And remember, darlings–always be grammarous!


Off Topic: Mess

This is not my desk. But I kind of wish it were....

I struggle with housework. Sometimes, I have it all under control. Sometimes not. Laundry is my particular bane, because it is endless, and even one skipped day can mean chaos. My husband and I actually have a pretty fair arrangement about housework. Many years ago, we went through the list of stuff that had to be done, and we talked about what we hated and what we didn’t. We then took on the stuff we didn’t mind so much. I cook; he cleans up. I do laundry (I hated it less when it was just the two of us); he takes out the garbage and compost. However, studies seem to indicate that women still do the lion’s share of the housework. Anecdotally, I can say this is true even in the most feminist/ egalitarian marriages I know.

That’s why I was interested in a recent article in the New York Times. It reasoned that, since it seems to be impossible to persuade men to do more housework–the solution is that everyone should just do less. “Live in filth,” was the argument’s premise. Filth, it pointed out, is relative. People in the Middle Ages were way filthier than anyone today. (Thanks, plumbing!)

Interesting. I can honestly say that, in all of these years, “live in filth” has never occurred to me as a possible solution.

Perhaps that is because I feel that living in filth is bad for my brain. I have heard people say that a clean home is the sign of a wasted life, but I disagree. A clean house means that you know where your car keys are. It means the shirt you want to wear is clean. It means you can find the library books that you need to return. A dirty, messy house means countless hours looking for shoes, hairbrushes, hats, homework. A messy house means mental clutter.

Look, I’m not saying that houses have to be perfectly ordered, or that we should all vacuum our drapes. I’m just saying that “live in filth” doesn’t really seem like a practical solution.

In our (utterly imperfect) house, we tend to focus less on chores, and more on habits and systems. When things are in a flow, laundry gets done every morning and the dishes are washed and put away ever night. A batch of soup is made over the weekend for lunches. The fridge is cleaned out before Sunday grocery shopping. When these things happen, my entire week flows more smoothly.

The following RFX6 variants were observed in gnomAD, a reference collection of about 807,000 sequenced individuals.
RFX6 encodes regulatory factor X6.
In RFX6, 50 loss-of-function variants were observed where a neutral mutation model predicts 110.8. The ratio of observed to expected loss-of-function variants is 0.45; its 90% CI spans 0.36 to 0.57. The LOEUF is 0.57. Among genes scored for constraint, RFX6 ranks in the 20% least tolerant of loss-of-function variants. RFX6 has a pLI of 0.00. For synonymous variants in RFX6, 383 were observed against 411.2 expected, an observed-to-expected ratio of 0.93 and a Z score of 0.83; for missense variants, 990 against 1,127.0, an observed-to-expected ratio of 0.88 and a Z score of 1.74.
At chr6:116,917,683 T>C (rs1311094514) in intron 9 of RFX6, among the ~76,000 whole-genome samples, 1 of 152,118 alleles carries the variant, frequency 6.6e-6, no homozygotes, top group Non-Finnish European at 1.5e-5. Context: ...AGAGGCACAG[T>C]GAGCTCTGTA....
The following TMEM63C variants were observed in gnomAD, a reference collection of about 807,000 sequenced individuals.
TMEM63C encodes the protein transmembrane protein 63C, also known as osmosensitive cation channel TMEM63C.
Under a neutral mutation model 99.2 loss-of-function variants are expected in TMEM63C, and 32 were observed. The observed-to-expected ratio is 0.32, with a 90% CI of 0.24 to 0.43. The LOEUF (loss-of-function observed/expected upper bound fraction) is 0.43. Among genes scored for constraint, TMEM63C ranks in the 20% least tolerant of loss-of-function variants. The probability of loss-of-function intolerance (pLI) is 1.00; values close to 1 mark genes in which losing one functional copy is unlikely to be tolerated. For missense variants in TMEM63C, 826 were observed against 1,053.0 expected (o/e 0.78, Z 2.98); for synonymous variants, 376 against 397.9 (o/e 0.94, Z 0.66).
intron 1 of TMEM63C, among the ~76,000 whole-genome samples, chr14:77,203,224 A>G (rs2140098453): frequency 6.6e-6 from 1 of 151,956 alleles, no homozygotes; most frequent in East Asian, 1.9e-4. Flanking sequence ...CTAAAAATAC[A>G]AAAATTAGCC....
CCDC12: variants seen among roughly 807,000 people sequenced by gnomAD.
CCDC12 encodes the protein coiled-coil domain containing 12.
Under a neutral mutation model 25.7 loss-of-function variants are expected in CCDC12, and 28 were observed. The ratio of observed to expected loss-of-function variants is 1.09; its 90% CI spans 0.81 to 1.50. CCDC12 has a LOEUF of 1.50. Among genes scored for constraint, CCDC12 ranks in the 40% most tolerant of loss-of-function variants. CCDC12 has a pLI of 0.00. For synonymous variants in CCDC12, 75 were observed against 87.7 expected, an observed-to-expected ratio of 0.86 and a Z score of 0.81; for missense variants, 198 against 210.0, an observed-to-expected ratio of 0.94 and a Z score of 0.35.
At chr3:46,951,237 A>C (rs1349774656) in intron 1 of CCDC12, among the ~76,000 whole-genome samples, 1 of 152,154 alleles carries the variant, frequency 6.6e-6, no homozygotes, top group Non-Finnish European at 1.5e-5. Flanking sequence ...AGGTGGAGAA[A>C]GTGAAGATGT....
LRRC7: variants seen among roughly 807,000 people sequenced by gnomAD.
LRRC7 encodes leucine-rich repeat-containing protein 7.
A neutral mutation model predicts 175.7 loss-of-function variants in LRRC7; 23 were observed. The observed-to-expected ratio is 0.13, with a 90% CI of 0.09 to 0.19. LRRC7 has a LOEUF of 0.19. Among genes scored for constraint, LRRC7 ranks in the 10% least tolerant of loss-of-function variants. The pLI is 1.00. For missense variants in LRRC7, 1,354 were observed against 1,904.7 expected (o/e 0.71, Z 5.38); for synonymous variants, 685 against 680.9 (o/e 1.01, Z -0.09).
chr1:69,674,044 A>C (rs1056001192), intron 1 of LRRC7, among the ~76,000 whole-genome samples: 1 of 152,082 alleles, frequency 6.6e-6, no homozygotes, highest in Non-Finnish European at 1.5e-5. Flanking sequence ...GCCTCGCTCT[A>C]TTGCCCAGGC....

I actually derive a lot of happiness and satisfaction from housework. Unlike a novel, it is instantly gratifying–you can see results with a little effort. I don’t know what the solution is to greater housework parity, aside from women with sons teaching them the joys and zen of cleaning. Think about zen gardens. Raking stones is much like cleaning out a drawer.

Housework is an art, and I think that part of the problem is that men don’t have an appreciation for it. Not because they can’t, but because they have not been taught. My daughter is learning to play the cello, and–as a result–now understands music, and can hear the difference between something that is played well and something that is played poorly. In the same way, Ali tells me that he watches movies differently since knowing me, because I spend so much time talking about plot and character. Boys who are exposed to housework at a young age will know how to appreciate it more. The bonus is that, as adults, they will help their partners. The trick is to have a standard that is neither too high (Martha Stewart) or too low (filth), but that enables you to do the things you really love (eat delicious, healthy food; sleep in a comfy, clean bed; read; write) more easily. It should support and enhance your life, not overtake it.

More articles on this subject:

New York Magazine has a terrific “get real” rebuttal to Stephen Marche’s NYT article. This piece is by Jessica Grose.

Here is a short piece that appeared in the American Psychological Association website, that talks about the link between mess and creativity.

How To Write A Blog

The actual notebook where I wrote the first draft of this post. Yes, that's my lipstick on the coffee cup.

When I was a kid, I was entranced by the idea of a diary. It felt like something that creative yet organized people do. I imagined that I would record the details of my daily life and someday, maybe years after my death, someone would find it and think, “Wow. I am so lucky that Lisa P. kept a diary. She’s fascinating!” There was only one problem: My diaries were not fascinating. The chronicles of what I did all day read like a list of errands. They were dead boring to write, and even worse to read.